McQueen made the disclosure Monday night at the Hidden Heroes tribute event in New York, saying that he had wanted to make a Robeson movie for the past six years.
"His life and legacy was the film I wanted to make the second after 'Hunger,'" McQueen said at the event, covered by The Guardian. "But I didn't have the power, I didn't have the juice."
The New York event is held by the Andrew Goodman Foundation, named after one of the civil rights workers killed in Mississippi in 1964.
McQueen, a London native, first became aware of Robeson when reading a newspaper story about the activist supporting miners in Wales. He also said Belafonte, 87, is involved in an undisclosed capacity. The pair met earlier this year at the New York Film Critics awards.
Four Stars International has been attempting in recent years to mount a Robeson biopic. Vondie Curtis-Hall and South African director Darrell Roodt have been attached to helm and David Harewood was on board at one point to play the lead.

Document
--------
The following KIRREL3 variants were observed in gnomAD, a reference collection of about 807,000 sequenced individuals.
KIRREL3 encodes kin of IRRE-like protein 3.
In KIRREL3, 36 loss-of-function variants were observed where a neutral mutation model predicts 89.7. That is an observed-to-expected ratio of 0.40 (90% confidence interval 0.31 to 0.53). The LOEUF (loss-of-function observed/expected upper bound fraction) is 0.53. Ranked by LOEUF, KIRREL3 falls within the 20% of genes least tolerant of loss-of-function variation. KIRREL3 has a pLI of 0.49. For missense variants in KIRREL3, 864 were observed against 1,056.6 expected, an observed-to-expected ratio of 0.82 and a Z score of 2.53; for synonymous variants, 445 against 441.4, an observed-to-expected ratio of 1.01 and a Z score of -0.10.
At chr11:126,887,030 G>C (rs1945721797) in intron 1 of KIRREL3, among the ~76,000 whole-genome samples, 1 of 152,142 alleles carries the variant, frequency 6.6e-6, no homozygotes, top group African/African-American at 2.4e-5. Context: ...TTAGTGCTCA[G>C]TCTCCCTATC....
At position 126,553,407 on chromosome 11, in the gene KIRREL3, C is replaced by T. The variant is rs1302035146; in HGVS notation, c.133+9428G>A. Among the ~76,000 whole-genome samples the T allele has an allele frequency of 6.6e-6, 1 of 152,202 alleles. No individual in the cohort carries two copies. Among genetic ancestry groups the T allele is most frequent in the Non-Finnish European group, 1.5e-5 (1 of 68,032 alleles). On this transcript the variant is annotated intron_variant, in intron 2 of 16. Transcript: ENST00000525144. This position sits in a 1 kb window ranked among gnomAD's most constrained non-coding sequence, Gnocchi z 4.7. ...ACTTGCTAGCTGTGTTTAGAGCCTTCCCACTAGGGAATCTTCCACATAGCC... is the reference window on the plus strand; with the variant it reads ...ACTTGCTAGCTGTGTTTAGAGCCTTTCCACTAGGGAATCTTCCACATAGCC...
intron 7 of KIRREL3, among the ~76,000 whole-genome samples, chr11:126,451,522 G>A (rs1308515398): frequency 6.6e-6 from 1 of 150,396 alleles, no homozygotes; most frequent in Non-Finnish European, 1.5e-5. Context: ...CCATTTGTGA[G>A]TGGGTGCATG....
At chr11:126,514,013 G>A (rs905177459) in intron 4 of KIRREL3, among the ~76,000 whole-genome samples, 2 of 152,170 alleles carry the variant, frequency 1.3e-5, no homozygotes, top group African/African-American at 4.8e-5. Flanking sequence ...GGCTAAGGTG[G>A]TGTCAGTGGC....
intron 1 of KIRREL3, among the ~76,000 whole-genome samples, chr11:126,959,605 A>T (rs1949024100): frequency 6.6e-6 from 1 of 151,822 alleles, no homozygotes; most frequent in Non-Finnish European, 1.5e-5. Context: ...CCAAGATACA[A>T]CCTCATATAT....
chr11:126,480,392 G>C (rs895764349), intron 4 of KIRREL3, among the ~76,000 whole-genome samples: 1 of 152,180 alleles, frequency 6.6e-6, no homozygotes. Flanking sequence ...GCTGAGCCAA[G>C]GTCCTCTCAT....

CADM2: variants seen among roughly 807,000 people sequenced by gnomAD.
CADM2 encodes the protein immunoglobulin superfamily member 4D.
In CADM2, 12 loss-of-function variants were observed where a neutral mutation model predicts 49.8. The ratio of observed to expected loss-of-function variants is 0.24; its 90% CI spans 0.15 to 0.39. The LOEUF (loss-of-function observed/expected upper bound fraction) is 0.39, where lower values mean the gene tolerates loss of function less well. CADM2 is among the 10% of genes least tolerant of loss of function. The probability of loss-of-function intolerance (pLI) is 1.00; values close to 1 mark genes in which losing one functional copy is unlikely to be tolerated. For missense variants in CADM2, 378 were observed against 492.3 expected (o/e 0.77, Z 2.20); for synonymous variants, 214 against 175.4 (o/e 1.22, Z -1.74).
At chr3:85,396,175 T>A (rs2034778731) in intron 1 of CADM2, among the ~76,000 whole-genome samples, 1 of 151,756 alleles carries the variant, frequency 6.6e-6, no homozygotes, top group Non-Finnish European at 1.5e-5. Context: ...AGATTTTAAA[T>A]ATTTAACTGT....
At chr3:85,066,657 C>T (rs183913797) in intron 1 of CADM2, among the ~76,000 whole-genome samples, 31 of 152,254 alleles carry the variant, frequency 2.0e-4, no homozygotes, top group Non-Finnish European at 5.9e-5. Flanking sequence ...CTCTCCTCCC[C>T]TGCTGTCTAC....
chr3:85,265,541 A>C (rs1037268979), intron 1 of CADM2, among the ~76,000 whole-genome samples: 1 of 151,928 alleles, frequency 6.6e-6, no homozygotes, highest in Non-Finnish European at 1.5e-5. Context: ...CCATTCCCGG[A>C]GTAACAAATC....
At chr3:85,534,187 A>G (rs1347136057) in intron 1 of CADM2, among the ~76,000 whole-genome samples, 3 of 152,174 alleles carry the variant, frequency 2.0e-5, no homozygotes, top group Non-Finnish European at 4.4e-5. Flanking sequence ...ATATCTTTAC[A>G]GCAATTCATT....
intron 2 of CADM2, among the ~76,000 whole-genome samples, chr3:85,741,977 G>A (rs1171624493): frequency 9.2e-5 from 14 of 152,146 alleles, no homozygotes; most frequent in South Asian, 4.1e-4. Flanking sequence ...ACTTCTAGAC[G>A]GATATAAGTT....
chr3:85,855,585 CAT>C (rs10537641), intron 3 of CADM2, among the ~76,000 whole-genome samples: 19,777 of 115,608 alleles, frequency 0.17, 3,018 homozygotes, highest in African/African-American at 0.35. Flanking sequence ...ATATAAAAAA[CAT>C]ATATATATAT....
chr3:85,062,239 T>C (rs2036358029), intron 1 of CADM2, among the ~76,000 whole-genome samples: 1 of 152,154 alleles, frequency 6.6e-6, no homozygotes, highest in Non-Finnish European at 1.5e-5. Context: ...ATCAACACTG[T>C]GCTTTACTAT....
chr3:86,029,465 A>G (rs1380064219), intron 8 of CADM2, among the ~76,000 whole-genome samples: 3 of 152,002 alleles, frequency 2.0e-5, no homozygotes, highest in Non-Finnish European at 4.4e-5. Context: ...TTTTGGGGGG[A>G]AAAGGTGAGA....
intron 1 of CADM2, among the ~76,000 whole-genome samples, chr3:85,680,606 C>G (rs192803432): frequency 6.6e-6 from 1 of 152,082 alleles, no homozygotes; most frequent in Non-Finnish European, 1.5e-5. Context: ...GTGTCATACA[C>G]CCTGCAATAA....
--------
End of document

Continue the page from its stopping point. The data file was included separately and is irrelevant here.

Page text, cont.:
Robeson, born in 1898, was a singer, actor and orator from the 1920s through the 1950s best known for his acting in "Othello" and his singing of "Ol' Man River." Robeson's political activism brought him to the attention of Sen. Joseph McCarthy, leading to the revocation of his passport for eight years despite his contributions as an entertainer to the Allied forces during WWII.
Robeson died in 1976.
McQueen was nominated for the directing Oscar for "12 Years a Slave." He was also a producer on film, which won the Best Picture Oscar, along with Brad Pitt, Dede Gardner, jeremy Kleiner and Anthony Katagas.